• $\begingroup$ I'm not sure about the validity of your proposal - a ligament is quite 'stretchy' and I'm not aware of any central attachment point of the hyoepiglottic ligament, so I can''t visualise it being able to act as a 'seesaw'. $\endgroup$ – Anon Dec 1 '17 at 23:50
  • $\begingroup$ @anon yes, my proposal seemed not entirely likely to me, but I had not come up with anything better :p. Your linked abstracts are both interesting and much more on the topic of physiology than anything I had found. I'd say if you draw up an answer detailing/summarizing the main points of the actual full papers, I wouldn't mind accepting this as an answer worth awarding. Of course, I still welcome others to respond :) $\endgroup$ – theforestecologist Dec 2 '17 at 16:36
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It's an interesting question. This 2010 paper contains some discussion of the function of the hyoepiglottic ligament. The following is a quote from the introduction:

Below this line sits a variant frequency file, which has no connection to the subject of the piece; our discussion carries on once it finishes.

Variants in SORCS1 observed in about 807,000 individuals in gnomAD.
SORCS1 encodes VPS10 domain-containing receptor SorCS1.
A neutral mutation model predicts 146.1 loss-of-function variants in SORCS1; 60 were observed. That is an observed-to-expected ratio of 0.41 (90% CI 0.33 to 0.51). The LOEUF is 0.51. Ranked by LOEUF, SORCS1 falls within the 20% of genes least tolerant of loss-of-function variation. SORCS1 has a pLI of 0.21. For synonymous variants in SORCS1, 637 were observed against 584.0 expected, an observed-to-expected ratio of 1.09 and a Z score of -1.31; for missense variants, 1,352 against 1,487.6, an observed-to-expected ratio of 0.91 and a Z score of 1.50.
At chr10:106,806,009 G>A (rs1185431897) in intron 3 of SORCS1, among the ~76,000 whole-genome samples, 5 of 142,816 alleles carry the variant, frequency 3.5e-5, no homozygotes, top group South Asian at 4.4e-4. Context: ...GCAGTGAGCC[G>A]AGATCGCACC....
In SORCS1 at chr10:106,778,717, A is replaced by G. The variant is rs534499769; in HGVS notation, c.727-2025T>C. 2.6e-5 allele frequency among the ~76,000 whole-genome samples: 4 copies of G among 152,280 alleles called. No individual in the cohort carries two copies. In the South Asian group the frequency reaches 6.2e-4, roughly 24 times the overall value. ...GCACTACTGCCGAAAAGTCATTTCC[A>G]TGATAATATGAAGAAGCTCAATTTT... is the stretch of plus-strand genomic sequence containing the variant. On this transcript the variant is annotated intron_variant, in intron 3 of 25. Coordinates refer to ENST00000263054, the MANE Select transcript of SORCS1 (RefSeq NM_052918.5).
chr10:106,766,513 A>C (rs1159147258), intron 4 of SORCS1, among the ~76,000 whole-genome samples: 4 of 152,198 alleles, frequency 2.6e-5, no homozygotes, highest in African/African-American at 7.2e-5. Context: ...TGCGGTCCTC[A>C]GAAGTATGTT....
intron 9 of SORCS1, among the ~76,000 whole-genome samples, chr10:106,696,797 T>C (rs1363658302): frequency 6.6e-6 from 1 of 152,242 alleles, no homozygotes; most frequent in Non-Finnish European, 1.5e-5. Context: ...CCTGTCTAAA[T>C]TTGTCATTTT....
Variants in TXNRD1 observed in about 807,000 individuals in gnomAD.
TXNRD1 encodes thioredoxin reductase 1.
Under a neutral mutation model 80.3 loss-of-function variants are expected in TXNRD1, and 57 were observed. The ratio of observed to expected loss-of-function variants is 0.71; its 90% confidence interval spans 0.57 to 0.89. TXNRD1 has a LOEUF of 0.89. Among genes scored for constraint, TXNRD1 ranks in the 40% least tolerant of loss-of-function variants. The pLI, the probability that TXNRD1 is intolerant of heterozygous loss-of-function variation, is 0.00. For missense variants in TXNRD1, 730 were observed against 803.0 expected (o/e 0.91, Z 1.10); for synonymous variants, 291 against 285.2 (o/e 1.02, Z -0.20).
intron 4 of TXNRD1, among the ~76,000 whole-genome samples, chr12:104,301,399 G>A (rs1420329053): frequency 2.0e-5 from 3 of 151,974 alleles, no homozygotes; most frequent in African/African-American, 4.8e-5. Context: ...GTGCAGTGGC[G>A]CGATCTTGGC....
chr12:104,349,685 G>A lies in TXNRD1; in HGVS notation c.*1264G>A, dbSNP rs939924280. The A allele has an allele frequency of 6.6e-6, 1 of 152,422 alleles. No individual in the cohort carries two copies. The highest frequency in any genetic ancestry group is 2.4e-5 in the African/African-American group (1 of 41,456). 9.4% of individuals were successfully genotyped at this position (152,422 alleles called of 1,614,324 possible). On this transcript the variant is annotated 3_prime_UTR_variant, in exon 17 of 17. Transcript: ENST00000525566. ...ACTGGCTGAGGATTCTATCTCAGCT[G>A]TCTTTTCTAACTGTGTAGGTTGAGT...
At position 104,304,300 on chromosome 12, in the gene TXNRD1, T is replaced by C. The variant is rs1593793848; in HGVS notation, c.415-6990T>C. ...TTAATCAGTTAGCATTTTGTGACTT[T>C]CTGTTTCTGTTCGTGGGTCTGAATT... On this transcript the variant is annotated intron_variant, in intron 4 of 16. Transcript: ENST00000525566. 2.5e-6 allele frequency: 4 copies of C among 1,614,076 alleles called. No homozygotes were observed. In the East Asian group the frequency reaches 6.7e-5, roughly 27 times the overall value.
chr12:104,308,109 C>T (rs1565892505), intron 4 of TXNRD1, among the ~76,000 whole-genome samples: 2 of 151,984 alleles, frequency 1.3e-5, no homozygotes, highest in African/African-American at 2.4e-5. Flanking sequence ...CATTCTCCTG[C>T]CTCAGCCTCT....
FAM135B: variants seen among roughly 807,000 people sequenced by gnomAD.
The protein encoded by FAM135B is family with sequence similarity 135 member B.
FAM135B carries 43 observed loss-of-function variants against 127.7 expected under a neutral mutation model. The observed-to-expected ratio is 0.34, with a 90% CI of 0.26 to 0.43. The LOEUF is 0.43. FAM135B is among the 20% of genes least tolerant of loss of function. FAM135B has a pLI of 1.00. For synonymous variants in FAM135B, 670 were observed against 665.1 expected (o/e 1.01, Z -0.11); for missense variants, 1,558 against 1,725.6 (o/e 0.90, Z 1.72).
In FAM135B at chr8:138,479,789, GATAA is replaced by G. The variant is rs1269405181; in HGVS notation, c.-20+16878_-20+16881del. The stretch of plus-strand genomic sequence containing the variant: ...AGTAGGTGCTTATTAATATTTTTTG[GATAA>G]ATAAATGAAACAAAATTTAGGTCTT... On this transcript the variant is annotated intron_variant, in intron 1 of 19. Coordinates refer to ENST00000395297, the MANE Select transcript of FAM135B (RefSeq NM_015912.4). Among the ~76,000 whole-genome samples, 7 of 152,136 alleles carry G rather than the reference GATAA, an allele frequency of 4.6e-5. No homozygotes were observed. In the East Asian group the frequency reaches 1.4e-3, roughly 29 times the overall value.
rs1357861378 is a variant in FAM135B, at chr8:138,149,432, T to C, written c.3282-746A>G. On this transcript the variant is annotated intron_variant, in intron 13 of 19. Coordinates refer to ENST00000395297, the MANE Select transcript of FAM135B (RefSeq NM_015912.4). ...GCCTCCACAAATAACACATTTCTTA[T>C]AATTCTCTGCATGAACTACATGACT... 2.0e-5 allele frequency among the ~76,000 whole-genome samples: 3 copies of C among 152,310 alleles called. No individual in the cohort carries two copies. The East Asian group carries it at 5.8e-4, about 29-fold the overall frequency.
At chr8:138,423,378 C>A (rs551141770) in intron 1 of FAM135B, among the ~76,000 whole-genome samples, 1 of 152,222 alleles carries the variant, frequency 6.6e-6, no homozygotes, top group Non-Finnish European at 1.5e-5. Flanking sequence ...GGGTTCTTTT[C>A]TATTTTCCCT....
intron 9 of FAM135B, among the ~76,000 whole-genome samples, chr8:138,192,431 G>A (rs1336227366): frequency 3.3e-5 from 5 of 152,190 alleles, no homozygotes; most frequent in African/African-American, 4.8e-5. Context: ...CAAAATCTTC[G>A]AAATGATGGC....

The epiglottis is connected to the hyoid bone by the hyoepiglottic ligament (ligamentum hyoepiglotticum), which is a connective tissue structure that serves as the roof of the paraglottic space and the preepiglottic space. Anatomically, the hyoepiglottic ligament separates the supraglottic larynx from the base of the tongue. Some clinical studies have shown that this ligament inhibits the spread and invasion of carcinoma... The hyoepiglottic ligament is elongated by approximation of the thyroid to the hyoid during swallowing. Tension on the ligament results in a “snap” retroversion of the epiglottis. Thus, the folded epiglottis represents a state of higher energy than that represented by the unfolded epiglottis; relaxation of the tension on the hyoepiglottic ligament releases the cartilage to automatically return to its normal resting position [emphasis mine].